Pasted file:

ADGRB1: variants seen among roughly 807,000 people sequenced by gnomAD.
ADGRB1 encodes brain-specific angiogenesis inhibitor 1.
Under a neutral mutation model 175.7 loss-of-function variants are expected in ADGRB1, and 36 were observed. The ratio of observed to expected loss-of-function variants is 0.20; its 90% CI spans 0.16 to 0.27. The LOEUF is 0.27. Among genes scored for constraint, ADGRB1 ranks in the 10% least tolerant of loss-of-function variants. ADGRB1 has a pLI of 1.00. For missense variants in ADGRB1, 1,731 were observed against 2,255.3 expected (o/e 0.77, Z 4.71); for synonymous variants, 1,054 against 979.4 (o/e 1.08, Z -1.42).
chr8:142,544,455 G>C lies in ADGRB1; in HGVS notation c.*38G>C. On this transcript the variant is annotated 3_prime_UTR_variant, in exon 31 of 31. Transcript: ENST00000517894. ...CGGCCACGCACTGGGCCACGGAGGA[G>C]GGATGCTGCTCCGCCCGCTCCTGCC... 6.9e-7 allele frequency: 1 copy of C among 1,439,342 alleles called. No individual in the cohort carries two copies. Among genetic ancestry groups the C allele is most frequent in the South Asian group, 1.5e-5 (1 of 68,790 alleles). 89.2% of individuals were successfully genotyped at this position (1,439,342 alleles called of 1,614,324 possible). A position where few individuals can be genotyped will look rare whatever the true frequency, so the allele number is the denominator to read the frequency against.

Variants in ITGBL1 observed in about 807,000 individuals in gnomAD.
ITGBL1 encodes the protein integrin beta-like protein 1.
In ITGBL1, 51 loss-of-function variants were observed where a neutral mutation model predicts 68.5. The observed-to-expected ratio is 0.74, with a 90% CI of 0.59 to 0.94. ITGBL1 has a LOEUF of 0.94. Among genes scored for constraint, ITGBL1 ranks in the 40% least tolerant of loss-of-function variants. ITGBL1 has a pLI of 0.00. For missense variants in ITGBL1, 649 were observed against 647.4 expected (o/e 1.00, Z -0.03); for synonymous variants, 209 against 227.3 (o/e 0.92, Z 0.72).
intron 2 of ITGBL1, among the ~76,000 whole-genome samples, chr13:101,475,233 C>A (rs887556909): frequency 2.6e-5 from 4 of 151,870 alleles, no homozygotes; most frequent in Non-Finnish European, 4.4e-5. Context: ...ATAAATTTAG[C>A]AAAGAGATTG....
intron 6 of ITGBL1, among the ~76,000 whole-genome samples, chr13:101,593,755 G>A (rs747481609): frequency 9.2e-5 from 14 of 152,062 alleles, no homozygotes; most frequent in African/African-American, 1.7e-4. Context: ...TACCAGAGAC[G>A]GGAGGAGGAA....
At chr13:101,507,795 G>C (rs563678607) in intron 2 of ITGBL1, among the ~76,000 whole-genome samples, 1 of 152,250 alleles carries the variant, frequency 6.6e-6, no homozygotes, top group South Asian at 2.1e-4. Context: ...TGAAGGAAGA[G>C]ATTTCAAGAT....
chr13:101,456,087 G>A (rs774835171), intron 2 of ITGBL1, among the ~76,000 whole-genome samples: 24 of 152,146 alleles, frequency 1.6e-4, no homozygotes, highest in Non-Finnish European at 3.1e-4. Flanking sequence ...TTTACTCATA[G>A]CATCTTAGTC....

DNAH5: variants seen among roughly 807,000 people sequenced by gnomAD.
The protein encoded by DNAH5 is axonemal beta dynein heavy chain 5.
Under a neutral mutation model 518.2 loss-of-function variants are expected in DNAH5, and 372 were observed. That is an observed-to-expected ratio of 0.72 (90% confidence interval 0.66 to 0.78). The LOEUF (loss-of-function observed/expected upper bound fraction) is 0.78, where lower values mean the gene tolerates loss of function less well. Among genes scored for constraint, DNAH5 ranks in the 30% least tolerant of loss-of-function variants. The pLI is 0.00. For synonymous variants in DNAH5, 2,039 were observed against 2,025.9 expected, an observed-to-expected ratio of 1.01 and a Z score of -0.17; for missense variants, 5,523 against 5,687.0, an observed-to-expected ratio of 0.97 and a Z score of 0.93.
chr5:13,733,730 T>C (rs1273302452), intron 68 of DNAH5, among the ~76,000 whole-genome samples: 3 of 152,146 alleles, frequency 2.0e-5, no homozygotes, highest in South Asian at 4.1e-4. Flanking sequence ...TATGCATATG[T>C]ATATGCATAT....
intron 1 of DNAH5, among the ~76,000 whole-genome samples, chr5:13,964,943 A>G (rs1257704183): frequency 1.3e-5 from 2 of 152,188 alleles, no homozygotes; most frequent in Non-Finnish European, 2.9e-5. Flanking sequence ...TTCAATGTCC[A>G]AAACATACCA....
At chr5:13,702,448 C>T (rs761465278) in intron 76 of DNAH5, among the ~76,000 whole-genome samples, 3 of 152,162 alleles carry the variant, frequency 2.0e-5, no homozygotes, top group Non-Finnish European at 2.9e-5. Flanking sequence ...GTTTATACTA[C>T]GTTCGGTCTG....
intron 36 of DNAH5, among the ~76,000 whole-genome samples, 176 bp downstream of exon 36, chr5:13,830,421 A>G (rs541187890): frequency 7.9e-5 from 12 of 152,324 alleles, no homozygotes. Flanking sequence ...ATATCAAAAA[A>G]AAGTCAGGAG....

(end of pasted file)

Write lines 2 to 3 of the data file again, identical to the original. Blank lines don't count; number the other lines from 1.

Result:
ADGRB1 encodes brain-specific angiogenesis inhibitor 1.
Under a neutral mutation model 175.7 loss-of-function variants are expected in ADGRB1, and 36 were observed. The ratio of observed to expected loss-of-function variants is 0.20; its 90% CI spans 0.16 to 0.27. The LOEUF is 0.27. Among genes scored for constraint, ADGRB1 ranks in the 10% least tolerant of loss-of-function variants. ADGRB1 has a pLI of 1.00. For missense variants in ADGRB1, 1,731 were observed against 2,255.3 expected (o/e 0.77, Z 4.71); for synonymous variants, 1,054 against 979.4 (o/e 1.08, Z -1.42).